Last month we heard from a gentleman who we encouraged to get a second opinion.
First of all, I want to extend much thanks to you for referring me to Dr. Jonathan Epstein. I did so and as a result, my Gleason score was reduced from 3+4=7 to 3+3=6 and my core volume reduced from 15 percent to 5 percent. Per NCCN, using his information, I would be considered in the “very low risk” category with ALL of the following criteria being met:
- T1c non-palpable: Yes
- PSA < 10 ng/mL - yes, latest test reduced from 4.5 to 3.3
- PSA density < 0.15 - yes, mine .09 per MRI
- Gleason score ≤ 6 - mine now 3+3=6, reduced from 3+4= 7
- Cores with cancer ≤2 - mine 1
- Less than 50% in core: Yes, mine reduced from 15% to 5%
According to NCCN, people in the “very low risk” category, with life expectancy less than 20 years, active surveillance is a very good option. This is what I plan to do after I fire my urologist. To the very end, he refused to send the slides for a second opinion; he told me if I want it that I should do so myself.
- Getting a second opinion on almost any medical diagnosis is a wise thing to do. There’s no risk, and much to gain if there’s is a difference of opinion.
- Any doctor who objects to getting a second opinion shouldn’t be your doctor.
This gentleman is doing active surveillance and confident he made the right choice.
Early Supper May Lower Risk of Cancer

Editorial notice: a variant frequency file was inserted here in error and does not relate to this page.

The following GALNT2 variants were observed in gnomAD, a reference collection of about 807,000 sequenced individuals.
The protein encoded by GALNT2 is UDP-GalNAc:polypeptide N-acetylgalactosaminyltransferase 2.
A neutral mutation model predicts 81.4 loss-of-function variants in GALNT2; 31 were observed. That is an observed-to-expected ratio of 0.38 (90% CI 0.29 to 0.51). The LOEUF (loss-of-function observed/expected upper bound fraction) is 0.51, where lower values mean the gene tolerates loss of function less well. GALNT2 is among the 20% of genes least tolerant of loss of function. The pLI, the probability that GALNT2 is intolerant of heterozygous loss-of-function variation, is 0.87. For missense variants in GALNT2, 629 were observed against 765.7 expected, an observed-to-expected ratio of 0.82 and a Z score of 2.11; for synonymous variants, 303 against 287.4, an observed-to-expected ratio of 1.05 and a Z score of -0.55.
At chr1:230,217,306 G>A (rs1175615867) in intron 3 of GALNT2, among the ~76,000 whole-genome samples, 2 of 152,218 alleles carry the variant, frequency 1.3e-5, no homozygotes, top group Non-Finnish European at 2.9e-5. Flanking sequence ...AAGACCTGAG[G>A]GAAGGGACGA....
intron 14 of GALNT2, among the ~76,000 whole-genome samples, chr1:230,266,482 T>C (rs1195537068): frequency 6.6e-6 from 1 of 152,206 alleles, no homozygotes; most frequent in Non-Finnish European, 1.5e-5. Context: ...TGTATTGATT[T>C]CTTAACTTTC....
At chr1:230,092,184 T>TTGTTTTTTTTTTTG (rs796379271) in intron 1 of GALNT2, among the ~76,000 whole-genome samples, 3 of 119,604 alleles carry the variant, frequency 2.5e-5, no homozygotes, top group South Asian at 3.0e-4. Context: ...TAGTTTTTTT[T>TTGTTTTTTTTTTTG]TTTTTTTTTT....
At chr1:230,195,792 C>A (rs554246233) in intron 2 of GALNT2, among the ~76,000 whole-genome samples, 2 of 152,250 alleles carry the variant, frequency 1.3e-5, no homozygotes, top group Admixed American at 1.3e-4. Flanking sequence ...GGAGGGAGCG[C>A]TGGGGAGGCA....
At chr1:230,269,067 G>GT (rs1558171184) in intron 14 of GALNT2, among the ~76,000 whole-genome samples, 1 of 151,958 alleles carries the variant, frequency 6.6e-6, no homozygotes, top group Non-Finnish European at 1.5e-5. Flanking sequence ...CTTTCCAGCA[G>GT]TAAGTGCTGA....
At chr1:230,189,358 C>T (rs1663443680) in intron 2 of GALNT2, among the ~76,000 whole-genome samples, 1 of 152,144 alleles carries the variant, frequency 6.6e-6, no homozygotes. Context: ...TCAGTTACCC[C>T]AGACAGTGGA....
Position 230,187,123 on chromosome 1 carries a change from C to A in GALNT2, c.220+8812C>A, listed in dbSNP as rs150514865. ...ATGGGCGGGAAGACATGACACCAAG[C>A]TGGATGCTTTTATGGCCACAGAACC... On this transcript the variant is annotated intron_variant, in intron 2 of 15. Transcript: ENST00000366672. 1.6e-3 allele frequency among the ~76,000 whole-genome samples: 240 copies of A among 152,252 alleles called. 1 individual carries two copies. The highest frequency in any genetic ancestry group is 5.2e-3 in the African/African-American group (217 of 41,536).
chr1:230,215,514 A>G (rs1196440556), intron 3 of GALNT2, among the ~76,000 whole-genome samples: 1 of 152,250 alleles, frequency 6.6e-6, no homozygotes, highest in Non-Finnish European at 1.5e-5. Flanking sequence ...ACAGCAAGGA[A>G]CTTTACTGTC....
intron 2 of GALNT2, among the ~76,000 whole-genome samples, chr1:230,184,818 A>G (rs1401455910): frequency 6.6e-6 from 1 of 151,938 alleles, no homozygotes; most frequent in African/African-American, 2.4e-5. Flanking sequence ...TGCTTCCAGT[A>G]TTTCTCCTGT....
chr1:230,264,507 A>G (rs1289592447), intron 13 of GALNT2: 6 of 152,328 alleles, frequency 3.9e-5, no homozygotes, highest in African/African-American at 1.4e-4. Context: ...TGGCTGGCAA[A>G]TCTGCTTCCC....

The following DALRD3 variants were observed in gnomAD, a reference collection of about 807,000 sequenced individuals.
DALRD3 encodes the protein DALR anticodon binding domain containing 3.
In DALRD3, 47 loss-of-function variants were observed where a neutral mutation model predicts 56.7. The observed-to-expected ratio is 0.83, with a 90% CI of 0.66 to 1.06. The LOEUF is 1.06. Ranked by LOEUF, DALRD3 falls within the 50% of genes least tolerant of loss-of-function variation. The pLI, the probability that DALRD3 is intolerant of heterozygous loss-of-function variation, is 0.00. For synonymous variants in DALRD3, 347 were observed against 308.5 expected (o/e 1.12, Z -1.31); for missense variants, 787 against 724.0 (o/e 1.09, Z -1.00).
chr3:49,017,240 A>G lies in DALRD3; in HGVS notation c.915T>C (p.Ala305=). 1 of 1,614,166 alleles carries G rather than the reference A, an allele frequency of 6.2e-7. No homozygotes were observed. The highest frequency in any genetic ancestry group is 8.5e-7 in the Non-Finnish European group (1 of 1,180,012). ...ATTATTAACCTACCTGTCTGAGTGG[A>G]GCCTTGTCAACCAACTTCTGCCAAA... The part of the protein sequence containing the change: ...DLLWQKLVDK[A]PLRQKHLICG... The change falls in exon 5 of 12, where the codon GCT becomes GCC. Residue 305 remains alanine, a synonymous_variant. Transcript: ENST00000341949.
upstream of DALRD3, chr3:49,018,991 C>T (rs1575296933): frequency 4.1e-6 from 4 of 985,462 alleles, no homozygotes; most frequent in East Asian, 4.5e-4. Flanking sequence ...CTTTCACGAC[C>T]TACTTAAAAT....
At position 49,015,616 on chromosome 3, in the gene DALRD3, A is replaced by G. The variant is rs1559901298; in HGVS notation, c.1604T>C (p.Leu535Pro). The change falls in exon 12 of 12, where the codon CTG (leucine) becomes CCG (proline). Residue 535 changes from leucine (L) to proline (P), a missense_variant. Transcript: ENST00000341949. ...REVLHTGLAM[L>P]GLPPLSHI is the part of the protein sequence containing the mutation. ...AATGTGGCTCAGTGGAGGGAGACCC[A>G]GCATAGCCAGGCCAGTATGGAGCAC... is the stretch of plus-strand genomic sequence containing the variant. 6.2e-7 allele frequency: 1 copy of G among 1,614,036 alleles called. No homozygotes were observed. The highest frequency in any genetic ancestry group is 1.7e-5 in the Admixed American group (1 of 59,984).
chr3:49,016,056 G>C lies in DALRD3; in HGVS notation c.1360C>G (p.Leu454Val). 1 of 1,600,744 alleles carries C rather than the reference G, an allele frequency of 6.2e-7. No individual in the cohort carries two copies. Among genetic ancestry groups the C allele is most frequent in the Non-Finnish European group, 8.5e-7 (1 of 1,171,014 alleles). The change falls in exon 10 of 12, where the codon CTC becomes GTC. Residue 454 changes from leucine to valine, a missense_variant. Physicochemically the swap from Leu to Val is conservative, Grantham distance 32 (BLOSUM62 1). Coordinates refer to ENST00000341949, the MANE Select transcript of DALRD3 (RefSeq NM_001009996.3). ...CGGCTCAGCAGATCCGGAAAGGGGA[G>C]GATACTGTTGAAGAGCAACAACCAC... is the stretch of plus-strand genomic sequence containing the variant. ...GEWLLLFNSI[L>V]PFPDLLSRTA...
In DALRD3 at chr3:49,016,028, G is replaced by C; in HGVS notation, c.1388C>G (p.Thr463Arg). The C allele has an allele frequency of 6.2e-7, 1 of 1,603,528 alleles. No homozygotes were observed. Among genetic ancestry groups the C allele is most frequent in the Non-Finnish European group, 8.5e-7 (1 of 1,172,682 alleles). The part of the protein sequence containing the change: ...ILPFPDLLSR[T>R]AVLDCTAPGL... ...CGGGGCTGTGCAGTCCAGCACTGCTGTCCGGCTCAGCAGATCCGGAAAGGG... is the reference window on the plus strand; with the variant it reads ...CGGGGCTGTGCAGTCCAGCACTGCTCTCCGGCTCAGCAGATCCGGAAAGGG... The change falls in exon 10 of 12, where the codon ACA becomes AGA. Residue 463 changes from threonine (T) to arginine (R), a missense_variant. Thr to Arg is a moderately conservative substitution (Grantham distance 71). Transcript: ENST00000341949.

A new study says people who eat dinner early or wait at least two hours before going to bed have a 20 percent lower risk for breast and prostate
cancer compared to people who eat after 10 p.m. or those who eat and go to bed shortly afterward.
The study included data from more than 1,800 cases of breast and prostate cancer, as well as more than 2,000 controls selected randomly from primary health centers. Participants were interviewed about meal timing, sleep habits, chronotype (whether they’re a “morning person” or an “evening person”), and completed a questionnaire on eating habits and adherence to cancer prevention recommendations.
There have been numerous studies on the link between food and cancer; however they’ve focused primarily on dietary patterns—for example, the effects of eating red meat, fruit and vegetables and the associations between food intake and obesity. Until now, little attention has been paid to the everyday act of eating—the timing of food intake and the activities people do before and after meals. This study, by the Barcelona Institute for Global Health, is the first to analyze the association between cancer risk and the timing of meals and sleep.
We’ve been producing BOB Tales newsletters monthly for nearly 18 years. During this time there have been important articles that many new members haven’t seen, and some long-time members may have forgotten. So, we decided to periodically re-run articles from past newsletters. The following is from August 2004.
Impotence More Common After Prostatectomy than Previously Thought
A member sent us a reference to this article from the British Medical Journal. In the reported study, researchers followed 1,291 men age 39-79 who were randomly sampled from six National Cancer Institute cancer registries across the U.S. They found that 60 percent of the men were impotent 18 months after the surgery, 8 percent experienced total urinary incontinence, and 40 percent had occasional genitourinary problems (JAMA 2000;283:354-60). Of the men who received the non-nerve-sparing procedure, 66 percent or two thirds, said they were impotent after the surgery, compared to 56 percent of the men who had a bilateral nerve-sparing procedure. Of the men undergoing a unilateral nerve sparing procedure, 59 percent said that they became impotent.
Keep in mind that those who undergo radical prostatectomy are generally the younger, healthier males. These are the ones you would expect would have the highest probability of maintaining sexual potency.